The process need not be restricted to deliberately wayward defending. Punishments based on themes loosely connected to the offence committed would slot in neatly with the efforts of those determined to sell the idea of a football match as the centre of an all-round spectacle. Penalizing yet another gall-and-woodworm assault by Neil Ruddock by forcing him to run for the rest of the match astride a child’s hobby horse, for example, could provide not only instant light relief for the supporter but also the much sought-after reason for having him on the pitch in the first place. Similarly, the petulant protestations of feigned innocence from penalty-box divers would disappear in a thrice if the perpetrator were handed a microphone and forced to demonstrate their verbal maturity with a rendition of The Good Ship Lollipop over the public address system.

And what better way to quell the looming bugbear of excessive foreign influence in our national game than the music-hall bedrock of “shorts around the ankles” for forwards caught more than five yards offside? Trouser-dropping would return to the national psyche – if, indeed, it ever went away – and the whole country would once again never have it so good.

Although perhaps not immediately evident to the victims of this penal system, the long-term effects of such a scheme would also benefit the players themselves. At present, a large proportion of a player’s time is spent either dancing to the soulless tune called by the media doers or being immersed in the equally solemn world of product endorsement and real-estate investment.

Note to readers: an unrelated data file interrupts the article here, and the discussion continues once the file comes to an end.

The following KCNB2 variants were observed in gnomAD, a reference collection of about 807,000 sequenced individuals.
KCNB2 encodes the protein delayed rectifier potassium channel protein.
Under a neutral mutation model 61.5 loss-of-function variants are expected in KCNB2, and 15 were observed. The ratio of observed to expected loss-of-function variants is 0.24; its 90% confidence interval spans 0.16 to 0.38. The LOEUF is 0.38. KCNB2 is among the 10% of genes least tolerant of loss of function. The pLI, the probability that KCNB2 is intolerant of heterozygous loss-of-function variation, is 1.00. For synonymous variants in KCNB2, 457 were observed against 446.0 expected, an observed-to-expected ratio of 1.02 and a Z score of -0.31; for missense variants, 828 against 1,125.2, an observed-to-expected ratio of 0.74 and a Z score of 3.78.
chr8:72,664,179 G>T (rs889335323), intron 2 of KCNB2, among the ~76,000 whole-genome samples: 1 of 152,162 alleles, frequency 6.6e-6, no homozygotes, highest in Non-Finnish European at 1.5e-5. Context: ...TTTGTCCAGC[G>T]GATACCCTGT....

While this guarantees a certain financial stability, the rewards are ephemeral since such activities hardly represent a source of anecdotes for the lucrative after-dinner circuit which beckons when one’s playing days are over; a lecture on crowding-out and siphoning-off policies in the sports and leisure industry might interest young rugby players, but it is tales of “the look on Dazza’s face when I nutmegged him for a one-two off the flag when he was in the corner doing his stir for retaliation, what with him reciting Two Little Boys to the West Stand with his kecks on his head, thumb in his mouth and hand over his knackers” that will really pull in the crowds.

And with their fondness for military metaphors and a Lord of the Flies mentality, coupled with a smattering of spare-the-rod-spoil-the-child chairmen, players would probably welcome these rituals with open arms. We’ve heard so many uplifting stories about cracking bunches of lads, endless ribaldry in training and horseplay in wine bars that it is unfair for players to have to suppress the inner child and switch into adult mode as soon as they step out onto the pitch. They could show that they are human, if only we’d let them.

From WSC 129 November 1997. What was happening this month